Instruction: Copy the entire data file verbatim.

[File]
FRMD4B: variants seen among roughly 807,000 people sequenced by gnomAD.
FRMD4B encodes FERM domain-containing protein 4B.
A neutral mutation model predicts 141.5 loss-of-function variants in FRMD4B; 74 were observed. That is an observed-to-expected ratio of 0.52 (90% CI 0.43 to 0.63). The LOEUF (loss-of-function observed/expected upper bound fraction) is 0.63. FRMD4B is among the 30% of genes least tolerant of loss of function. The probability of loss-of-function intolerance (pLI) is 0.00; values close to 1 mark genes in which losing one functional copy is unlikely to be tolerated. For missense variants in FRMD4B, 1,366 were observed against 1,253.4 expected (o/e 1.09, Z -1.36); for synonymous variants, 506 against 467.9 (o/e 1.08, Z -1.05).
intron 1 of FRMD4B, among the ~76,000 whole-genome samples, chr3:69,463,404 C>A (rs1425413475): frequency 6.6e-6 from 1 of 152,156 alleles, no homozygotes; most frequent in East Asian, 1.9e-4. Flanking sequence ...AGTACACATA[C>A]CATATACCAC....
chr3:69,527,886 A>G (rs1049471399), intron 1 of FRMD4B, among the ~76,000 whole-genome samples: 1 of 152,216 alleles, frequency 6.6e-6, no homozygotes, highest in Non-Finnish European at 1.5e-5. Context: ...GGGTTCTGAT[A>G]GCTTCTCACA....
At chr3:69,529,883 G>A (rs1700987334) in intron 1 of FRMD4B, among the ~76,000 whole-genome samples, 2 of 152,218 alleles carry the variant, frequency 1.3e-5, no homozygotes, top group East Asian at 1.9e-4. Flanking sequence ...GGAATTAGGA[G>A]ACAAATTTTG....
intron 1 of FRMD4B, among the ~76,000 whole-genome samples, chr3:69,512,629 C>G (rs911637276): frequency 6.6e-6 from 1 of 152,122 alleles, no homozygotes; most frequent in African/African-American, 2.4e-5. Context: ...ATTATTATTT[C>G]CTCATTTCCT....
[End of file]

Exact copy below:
FRMD4B: variants seen among roughly 807,000 people sequenced by gnomAD.
FRMD4B encodes FERM domain-containing protein 4B.
A neutral mutation model predicts 141.5 loss-of-function variants in FRMD4B; 74 were observed. That is an observed-to-expected ratio of 0.52 (90% CI 0.43 to 0.63). The LOEUF (loss-of-function observed/expected upper bound fraction) is 0.63. FRMD4B is among the 30% of genes least tolerant of loss of function. The probability of loss-of-function intolerance (pLI) is 0.00; values close to 1 mark genes in which losing one functional copy is unlikely to be tolerated. For missense variants in FRMD4B, 1,366 were observed against 1,253.4 expected (o/e 1.09, Z -1.36); for synonymous variants, 506 against 467.9 (o/e 1.08, Z -1.05).
intron 1 of FRMD4B, among the ~76,000 whole-genome samples, chr3:69,463,404 C>A (rs1425413475): frequency 6.6e-6 from 1 of 152,156 alleles, no homozygotes; most frequent in East Asian, 1.9e-4. Flanking sequence ...AGTACACATA[C>A]CATATACCAC....
chr3:69,527,886 A>G (rs1049471399), intron 1 of FRMD4B, among the ~76,000 whole-genome samples: 1 of 152,216 alleles, frequency 6.6e-6, no homozygotes, highest in Non-Finnish European at 1.5e-5. Context: ...GGGTTCTGAT[A>G]GCTTCTCACA....
At chr3:69,529,883 G>A (rs1700987334) in intron 1 of FRMD4B, among the ~76,000 whole-genome samples, 2 of 152,218 alleles carry the variant, frequency 1.3e-5, no homozygotes, top group East Asian at 1.9e-4. Flanking sequence ...GGAATTAGGA[G>A]ACAAATTTTG....
intron 1 of FRMD4B, among the ~76,000 whole-genome samples, chr3:69,512,629 C>G (rs911637276): frequency 6.6e-6 from 1 of 152,122 alleles, no homozygotes; most frequent in African/African-American, 2.4e-5. Context: ...ATTATTATTT[C>G]CTCATTTCCT....